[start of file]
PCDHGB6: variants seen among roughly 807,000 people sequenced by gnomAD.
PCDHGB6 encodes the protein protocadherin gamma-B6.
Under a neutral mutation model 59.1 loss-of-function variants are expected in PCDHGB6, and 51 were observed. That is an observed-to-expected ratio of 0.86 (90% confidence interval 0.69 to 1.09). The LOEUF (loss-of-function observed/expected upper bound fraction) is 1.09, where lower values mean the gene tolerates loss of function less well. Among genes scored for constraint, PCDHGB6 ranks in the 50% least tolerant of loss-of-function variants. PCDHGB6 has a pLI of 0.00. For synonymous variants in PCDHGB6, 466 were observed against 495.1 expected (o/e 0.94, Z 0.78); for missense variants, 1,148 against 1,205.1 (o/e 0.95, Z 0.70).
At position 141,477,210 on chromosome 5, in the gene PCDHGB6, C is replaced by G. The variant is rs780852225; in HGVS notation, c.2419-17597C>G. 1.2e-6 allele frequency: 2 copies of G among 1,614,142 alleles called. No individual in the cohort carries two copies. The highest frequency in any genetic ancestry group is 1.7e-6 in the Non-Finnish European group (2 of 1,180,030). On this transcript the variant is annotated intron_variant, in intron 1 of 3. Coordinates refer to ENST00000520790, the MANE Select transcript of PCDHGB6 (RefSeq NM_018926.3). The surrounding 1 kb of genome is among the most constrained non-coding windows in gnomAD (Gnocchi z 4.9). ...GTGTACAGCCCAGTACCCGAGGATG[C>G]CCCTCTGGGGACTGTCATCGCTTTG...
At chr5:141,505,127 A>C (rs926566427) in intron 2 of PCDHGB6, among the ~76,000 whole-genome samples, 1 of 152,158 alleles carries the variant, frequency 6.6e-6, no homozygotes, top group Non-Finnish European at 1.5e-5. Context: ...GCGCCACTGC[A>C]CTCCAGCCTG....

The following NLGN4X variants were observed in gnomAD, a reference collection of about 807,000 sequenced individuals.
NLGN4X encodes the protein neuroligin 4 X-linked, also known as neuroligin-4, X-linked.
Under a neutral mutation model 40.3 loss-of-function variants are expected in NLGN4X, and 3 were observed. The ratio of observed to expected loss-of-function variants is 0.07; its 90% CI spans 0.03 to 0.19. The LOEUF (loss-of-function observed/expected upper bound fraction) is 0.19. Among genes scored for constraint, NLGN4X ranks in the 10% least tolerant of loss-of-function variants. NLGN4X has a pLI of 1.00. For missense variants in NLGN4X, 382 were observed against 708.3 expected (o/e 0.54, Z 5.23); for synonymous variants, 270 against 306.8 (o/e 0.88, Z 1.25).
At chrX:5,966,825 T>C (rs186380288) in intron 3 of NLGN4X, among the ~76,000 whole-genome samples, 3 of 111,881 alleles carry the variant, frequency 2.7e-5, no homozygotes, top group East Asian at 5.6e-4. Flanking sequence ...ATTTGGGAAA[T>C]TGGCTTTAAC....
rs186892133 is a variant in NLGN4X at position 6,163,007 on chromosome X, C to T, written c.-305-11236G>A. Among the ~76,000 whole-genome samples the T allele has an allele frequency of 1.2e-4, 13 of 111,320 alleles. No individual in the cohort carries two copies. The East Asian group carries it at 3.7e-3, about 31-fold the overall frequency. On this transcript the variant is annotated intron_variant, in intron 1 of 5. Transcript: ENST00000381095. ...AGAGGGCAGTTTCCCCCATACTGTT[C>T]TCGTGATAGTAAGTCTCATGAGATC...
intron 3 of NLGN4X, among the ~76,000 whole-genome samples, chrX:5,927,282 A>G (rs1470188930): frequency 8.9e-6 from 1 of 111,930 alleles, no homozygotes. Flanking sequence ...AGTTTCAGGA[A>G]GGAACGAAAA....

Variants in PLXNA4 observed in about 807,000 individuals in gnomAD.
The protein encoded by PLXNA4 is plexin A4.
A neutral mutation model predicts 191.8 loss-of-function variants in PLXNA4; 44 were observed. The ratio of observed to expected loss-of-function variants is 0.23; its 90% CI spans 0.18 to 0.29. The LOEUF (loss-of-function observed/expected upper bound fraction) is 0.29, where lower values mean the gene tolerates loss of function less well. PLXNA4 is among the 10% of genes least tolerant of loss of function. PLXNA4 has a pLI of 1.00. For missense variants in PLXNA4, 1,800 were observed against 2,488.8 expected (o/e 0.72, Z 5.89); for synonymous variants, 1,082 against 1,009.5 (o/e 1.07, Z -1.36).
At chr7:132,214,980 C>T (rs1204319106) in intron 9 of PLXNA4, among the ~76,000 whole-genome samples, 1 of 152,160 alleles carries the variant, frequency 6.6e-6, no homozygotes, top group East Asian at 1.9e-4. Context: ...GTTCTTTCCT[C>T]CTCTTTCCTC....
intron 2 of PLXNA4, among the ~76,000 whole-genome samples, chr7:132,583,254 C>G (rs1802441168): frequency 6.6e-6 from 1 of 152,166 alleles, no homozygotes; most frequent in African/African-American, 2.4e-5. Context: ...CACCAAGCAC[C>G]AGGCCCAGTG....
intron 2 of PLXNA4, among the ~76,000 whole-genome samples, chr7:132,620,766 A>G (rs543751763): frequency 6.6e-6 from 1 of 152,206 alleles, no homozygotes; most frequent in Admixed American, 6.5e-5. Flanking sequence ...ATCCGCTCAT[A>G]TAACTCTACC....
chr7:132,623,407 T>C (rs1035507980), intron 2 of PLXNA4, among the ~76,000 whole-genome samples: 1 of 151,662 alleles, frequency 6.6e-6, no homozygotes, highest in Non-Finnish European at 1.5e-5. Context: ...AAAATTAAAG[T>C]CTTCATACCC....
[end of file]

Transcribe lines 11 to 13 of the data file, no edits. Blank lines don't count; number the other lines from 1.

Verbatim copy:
intron 3 of NLGN4X, among the ~76,000 whole-genome samples, chrX:5,927,282 A>G (rs1470188930): frequency 8.9e-6 from 1 of 111,930 alleles, no homozygotes. Flanking sequence ...AGTTTCAGGA[A>G]GGAACGAAAA....

Variants in PLXNA4 observed in about 807,000 individuals in gnomAD.
The protein encoded by PLXNA4 is plexin A4.